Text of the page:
Finally, we needed a way of carrying information. DNA was almost certainly not the first information-containing molecule on earth. RNA is similar to DNA, but it contains just a bit more oxygen, and is a far more flexible molecule. RNA can also fold itself up into all sorts of shapes, and act as a catalyst. Today, cells use machinery made of RNA to make their proteins, which is one of the clues that has convinced many scientists that RNA came before DNA, and before protein. DNA is a more stable molecule in the long term, which makes it much more useful for carrying information, but RNA could have done the job in the beginning.

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Colors of the Innermost Planet, Mercury. Image Credit: NASA/Johns Hopkins University Applied Physics Laboratory/Carnegie Institution of Washington

So can we find the same conditions – liquid water, the right minerals and other elements combined together as organic molecules, chemical energy, and information molecules – on other planets? de Duve and many other scientists think so! For him, “The chemistry of life is written into that of the cosmos.” Or to put it another way, “We live in a biofriendly universe…” Of course the current understanding of science may be wrong, and there could be factors we don’t know about yet that have made life extremely rare! At the moment, it seems highly likely that at least microbes exist on other planets.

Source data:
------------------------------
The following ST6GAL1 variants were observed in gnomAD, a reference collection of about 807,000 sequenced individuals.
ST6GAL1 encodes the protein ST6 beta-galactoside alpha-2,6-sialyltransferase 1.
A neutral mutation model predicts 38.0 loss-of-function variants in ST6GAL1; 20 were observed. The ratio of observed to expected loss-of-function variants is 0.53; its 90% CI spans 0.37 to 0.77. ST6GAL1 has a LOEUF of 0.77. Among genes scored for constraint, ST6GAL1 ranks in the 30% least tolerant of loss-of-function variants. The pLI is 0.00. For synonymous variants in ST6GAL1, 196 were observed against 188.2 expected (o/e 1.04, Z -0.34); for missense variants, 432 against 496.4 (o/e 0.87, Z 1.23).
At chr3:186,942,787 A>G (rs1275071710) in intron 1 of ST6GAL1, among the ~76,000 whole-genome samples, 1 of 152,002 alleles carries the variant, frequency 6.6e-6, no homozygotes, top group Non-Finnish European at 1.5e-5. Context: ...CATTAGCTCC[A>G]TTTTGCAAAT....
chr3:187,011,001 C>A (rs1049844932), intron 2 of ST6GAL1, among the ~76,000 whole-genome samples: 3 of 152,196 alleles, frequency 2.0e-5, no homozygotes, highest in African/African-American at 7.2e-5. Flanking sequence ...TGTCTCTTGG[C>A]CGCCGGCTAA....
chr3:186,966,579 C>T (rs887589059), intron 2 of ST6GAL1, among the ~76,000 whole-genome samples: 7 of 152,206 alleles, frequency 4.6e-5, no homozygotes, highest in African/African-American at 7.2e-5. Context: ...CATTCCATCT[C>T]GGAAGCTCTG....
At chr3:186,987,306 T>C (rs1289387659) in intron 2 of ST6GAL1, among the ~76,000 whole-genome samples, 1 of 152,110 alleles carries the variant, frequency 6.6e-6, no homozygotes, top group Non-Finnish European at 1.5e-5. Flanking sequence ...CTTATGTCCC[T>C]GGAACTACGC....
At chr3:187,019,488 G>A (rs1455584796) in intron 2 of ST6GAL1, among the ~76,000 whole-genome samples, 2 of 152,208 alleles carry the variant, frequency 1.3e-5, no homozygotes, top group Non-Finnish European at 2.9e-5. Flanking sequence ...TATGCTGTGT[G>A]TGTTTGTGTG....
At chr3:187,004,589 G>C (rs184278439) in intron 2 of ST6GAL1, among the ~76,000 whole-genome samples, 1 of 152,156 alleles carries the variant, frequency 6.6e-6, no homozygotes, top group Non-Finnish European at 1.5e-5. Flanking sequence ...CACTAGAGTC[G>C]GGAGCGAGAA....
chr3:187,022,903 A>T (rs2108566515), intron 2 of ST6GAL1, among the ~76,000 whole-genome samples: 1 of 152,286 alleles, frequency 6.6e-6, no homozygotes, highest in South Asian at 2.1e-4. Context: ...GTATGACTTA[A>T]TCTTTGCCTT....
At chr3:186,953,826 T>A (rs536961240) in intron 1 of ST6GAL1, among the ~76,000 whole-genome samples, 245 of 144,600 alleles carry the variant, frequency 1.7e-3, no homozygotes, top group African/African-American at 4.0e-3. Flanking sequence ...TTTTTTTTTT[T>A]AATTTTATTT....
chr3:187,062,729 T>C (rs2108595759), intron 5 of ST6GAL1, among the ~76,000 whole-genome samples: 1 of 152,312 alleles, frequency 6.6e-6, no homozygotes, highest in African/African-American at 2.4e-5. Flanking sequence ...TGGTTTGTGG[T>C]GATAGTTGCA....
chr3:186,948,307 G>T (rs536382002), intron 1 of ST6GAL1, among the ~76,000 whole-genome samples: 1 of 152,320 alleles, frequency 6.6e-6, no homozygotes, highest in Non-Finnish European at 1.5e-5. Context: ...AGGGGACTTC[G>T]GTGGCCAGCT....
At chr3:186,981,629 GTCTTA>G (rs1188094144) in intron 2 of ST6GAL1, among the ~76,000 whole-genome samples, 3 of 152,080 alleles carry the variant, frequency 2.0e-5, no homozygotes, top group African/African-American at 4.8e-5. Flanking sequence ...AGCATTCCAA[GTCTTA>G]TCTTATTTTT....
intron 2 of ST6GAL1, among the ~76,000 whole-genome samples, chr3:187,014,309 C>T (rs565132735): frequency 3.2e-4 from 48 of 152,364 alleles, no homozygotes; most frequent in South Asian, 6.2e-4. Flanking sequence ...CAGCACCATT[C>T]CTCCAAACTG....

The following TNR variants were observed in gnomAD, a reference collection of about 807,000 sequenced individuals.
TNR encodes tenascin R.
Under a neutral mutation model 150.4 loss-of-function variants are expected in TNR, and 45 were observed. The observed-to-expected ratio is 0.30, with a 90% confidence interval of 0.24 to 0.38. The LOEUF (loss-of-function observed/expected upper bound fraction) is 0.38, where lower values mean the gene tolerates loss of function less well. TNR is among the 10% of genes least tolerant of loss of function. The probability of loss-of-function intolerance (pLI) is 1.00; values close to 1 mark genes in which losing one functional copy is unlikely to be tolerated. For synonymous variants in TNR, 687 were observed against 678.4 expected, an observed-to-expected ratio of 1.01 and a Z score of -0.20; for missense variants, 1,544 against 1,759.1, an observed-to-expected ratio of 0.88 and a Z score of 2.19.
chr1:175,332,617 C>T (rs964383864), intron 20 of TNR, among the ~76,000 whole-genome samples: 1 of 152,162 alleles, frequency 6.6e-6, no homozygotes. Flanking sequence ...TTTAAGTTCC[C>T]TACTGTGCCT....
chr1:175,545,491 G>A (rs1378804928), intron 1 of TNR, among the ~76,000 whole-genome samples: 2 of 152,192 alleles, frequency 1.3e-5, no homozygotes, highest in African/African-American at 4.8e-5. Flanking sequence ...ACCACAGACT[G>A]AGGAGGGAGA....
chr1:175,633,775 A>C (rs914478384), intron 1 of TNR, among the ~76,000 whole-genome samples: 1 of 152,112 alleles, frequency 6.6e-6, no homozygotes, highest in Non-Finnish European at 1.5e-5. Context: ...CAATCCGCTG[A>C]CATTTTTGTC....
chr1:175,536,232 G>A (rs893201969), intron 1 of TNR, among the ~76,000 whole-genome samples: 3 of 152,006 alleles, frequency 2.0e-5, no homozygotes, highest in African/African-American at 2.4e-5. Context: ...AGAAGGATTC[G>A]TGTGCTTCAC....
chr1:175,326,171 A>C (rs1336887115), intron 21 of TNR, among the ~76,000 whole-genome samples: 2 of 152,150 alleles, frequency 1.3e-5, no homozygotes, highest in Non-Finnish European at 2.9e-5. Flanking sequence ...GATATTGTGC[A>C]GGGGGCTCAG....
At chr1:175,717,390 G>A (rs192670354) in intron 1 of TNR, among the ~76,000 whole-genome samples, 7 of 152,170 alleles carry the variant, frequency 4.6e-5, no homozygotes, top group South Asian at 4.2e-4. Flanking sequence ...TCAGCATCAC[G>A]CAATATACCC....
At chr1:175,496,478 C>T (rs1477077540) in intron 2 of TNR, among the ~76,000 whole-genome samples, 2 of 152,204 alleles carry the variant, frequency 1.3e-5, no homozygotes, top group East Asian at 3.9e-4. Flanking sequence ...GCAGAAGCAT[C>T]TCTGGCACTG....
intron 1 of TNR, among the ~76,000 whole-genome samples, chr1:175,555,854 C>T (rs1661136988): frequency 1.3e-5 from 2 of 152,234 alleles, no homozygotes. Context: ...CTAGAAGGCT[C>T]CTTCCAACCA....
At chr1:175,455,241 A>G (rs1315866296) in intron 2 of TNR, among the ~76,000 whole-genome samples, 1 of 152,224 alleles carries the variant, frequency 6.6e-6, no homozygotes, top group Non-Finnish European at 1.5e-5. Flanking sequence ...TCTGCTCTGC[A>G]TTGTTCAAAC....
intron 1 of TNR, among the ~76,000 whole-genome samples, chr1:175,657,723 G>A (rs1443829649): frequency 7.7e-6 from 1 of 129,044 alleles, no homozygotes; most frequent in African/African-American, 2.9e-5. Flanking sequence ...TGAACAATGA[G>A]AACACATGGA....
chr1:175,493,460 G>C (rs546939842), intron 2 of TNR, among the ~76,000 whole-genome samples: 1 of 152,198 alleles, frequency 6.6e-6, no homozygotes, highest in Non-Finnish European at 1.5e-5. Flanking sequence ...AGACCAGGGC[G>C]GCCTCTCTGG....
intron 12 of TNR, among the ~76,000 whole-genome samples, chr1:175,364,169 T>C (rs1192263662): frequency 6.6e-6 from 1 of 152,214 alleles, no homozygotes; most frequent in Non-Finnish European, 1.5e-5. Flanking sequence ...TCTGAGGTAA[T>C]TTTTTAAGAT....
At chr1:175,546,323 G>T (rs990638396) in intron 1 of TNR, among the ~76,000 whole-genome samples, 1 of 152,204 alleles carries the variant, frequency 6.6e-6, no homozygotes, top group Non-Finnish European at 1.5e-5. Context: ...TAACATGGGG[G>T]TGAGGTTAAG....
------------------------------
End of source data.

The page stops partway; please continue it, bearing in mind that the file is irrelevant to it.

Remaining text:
So what is a person of faith to think of this? If it’s possible for bacteria to be thriving on planets elsewhere in the universe, what does that tell us about God? For the Christian theologian Alister McGrath, it makes sense that the universe seems to have an inbuilt potential for life. One answer to the question, ‘Why is the universe the way it is?’ – that makes sense of the data – is that God made it, and he wanted life to exist. The alternatives: that it was a huge fluke, or that there are multiple universes and we just happen to be in the one that has life – are satisfying to some people but not to me. De Duve’s scientific ideas and McGrath’s interpretation of them, don’t prove that God exists, but they are a set of clues that we should pay attention to.

Further Reading
Barrow, Conway Morris, Freeland & Harper (Eds), Fitness of the Cosmos for Life: Biochemistry and Fine-Tuning (CUP, 2008), chapter 10

Alister E. McGrath, Surprised by Meaning: Science, Faith, and How We Make Sense of Things (Westminster John Knox,  2011), chapter 11.

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© Faraday Institute

Ruth Bancewicz is a Senior Research Associate at The Faraday Institute for Science and Religion, where she works on the positive interaction between science and faith. After studying Genetics at Aberdeen University, she completed a PhD at Edinburgh University. She spent two years as a part-time postdoctoral researcher at the Wellcome Trust Centre for Cell Biology at Edinburgh University, while also working as the Development Officer for Christians in Science. Ruth arrived at The Faraday Institute in 2006, and is currently a trustee of Christians in Science.